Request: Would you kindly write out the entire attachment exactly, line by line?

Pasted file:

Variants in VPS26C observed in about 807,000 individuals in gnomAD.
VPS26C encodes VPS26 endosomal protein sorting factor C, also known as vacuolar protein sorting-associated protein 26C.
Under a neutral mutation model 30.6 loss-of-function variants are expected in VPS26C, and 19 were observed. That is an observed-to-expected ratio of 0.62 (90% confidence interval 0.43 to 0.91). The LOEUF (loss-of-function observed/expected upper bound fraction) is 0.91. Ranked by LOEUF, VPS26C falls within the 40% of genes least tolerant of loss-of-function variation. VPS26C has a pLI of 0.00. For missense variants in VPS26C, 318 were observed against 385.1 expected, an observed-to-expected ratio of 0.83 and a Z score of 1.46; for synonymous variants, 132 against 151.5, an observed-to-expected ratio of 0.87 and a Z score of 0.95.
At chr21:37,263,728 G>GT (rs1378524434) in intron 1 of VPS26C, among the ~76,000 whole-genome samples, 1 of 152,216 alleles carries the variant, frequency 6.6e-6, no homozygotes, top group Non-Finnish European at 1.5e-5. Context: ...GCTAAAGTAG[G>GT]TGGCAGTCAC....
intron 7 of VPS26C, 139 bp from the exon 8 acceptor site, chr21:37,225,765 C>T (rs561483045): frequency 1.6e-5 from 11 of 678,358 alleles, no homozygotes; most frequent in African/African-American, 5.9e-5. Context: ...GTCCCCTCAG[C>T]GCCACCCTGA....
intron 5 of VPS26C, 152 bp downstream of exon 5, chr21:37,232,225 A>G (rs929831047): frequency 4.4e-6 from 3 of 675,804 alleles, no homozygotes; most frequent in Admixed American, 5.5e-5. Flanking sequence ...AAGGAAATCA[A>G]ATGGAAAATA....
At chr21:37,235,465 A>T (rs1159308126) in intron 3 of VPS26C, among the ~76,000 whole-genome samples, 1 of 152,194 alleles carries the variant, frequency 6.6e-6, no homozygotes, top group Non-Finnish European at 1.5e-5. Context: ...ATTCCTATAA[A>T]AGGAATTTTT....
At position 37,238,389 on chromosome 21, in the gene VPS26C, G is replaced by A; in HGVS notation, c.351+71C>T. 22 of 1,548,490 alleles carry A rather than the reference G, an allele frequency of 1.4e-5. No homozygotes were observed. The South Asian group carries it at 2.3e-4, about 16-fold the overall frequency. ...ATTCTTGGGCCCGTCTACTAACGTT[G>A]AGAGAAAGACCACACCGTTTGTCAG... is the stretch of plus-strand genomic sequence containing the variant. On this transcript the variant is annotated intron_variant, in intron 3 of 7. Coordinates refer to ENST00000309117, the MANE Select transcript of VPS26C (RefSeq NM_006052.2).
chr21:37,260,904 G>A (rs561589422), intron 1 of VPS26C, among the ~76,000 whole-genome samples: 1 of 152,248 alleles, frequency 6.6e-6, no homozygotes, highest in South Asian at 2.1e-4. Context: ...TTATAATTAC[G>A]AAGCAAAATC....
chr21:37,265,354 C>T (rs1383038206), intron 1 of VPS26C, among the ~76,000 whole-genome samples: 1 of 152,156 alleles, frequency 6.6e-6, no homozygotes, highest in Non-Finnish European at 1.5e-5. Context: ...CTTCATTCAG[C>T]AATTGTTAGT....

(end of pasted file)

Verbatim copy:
Variants in VPS26C observed in about 807,000 individuals in gnomAD.
VPS26C encodes VPS26 endosomal protein sorting factor C, also known as vacuolar protein sorting-associated protein 26C.
Under a neutral mutation model 30.6 loss-of-function variants are expected in VPS26C, and 19 were observed. That is an observed-to-expected ratio of 0.62 (90% confidence interval 0.43 to 0.91). The LOEUF (loss-of-function observed/expected upper bound fraction) is 0.91. Ranked by LOEUF, VPS26C falls within the 40% of genes least tolerant of loss-of-function variation. VPS26C has a pLI of 0.00. For missense variants in VPS26C, 318 were observed against 385.1 expected, an observed-to-expected ratio of 0.83 and a Z score of 1.46; for synonymous variants, 132 against 151.5, an observed-to-expected ratio of 0.87 and a Z score of 0.95.
At chr21:37,263,728 G>GT (rs1378524434) in intron 1 of VPS26C, among the ~76,000 whole-genome samples, 1 of 152,216 alleles carries the variant, frequency 6.6e-6, no homozygotes, top group Non-Finnish European at 1.5e-5. Context: ...GCTAAAGTAG[G>GT]TGGCAGTCAC....
intron 7 of VPS26C, 139 bp from the exon 8 acceptor site, chr21:37,225,765 C>T (rs561483045): frequency 1.6e-5 from 11 of 678,358 alleles, no homozygotes; most frequent in African/African-American, 5.9e-5. Context: ...GTCCCCTCAG[C>T]GCCACCCTGA....
intron 5 of VPS26C, 152 bp downstream of exon 5, chr21:37,232,225 A>G (rs929831047): frequency 4.4e-6 from 3 of 675,804 alleles, no homozygotes; most frequent in Admixed American, 5.5e-5. Flanking sequence ...AAGGAAATCA[A>G]ATGGAAAATA....
At chr21:37,235,465 A>T (rs1159308126) in intron 3 of VPS26C, among the ~76,000 whole-genome samples, 1 of 152,194 alleles carries the variant, frequency 6.6e-6, no homozygotes, top group Non-Finnish European at 1.5e-5. Context: ...ATTCCTATAA[A>T]AGGAATTTTT....
At position 37,238,389 on chromosome 21, in the gene VPS26C, G is replaced by A; in HGVS notation, c.351+71C>T. 22 of 1,548,490 alleles carry A rather than the reference G, an allele frequency of 1.4e-5. No homozygotes were observed. The South Asian group carries it at 2.3e-4, about 16-fold the overall frequency. ...ATTCTTGGGCCCGTCTACTAACGTT[G>A]AGAGAAAGACCACACCGTTTGTCAG... is the stretch of plus-strand genomic sequence containing the variant. On this transcript the variant is annotated intron_variant, in intron 3 of 7. Coordinates refer to ENST00000309117, the MANE Select transcript of VPS26C (RefSeq NM_006052.2).
chr21:37,260,904 G>A (rs561589422), intron 1 of VPS26C, among the ~76,000 whole-genome samples: 1 of 152,248 alleles, frequency 6.6e-6, no homozygotes, highest in South Asian at 2.1e-4. Context: ...TTATAATTAC[G>A]AAGCAAAATC....
chr21:37,265,354 C>T (rs1383038206), intron 1 of VPS26C, among the ~76,000 whole-genome samples: 1 of 152,156 alleles, frequency 6.6e-6, no homozygotes, highest in Non-Finnish European at 1.5e-5. Context: ...CTTCATTCAG[C>T]AATTGTTAGT....